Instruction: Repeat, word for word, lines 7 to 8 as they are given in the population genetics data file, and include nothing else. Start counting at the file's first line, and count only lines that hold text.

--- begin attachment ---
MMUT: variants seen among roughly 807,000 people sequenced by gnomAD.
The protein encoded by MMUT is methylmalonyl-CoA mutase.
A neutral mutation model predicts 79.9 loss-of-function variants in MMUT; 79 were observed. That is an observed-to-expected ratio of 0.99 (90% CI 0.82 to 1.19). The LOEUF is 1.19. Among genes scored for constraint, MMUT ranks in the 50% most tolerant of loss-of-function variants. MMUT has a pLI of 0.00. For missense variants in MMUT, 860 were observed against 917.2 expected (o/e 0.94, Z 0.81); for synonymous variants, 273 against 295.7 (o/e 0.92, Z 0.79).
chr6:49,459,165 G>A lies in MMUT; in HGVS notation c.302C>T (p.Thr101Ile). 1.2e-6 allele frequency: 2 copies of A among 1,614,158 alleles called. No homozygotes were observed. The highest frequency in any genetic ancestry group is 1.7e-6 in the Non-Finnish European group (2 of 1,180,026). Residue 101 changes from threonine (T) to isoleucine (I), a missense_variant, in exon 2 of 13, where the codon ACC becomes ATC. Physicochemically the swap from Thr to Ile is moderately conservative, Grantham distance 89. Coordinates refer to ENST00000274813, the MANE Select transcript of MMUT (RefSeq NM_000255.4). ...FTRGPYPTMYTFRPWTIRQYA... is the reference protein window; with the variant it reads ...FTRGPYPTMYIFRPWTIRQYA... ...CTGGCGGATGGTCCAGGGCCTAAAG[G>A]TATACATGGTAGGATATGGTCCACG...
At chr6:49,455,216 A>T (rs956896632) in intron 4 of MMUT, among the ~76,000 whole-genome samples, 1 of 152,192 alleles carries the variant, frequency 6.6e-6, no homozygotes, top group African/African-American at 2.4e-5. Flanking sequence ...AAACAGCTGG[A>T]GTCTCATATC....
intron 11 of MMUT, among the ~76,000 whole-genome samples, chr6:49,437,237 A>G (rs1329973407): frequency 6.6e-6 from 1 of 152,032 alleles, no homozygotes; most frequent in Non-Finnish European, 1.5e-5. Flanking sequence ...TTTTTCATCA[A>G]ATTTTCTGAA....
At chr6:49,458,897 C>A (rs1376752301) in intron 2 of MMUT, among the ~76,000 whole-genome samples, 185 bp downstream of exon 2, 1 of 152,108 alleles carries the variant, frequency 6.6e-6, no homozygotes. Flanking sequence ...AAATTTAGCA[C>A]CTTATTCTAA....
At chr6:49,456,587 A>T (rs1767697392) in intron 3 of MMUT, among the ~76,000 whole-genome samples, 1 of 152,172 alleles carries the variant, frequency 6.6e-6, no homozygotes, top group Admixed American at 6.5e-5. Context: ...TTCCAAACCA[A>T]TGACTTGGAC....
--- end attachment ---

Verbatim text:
At chr6:49,458,897 C>A (rs1376752301) in intron 2 of MMUT, among the ~76,000 whole-genome samples, 185 bp downstream of exon 2, 1 of 152,108 alleles carries the variant, frequency 6.6e-6, no homozygotes. Flanking sequence ...AAATTTAGCA[C>A]CTTATTCTAA....
At chr6:49,456,587 A>T (rs1767697392) in intron 3 of MMUT, among the ~76,000 whole-genome samples, 1 of 152,172 alleles carries the variant, frequency 6.6e-6, no homozygotes, top group Admixed American at 6.5e-5. Context: ...TTCCAAACCA[A>T]TGACTTGGAC....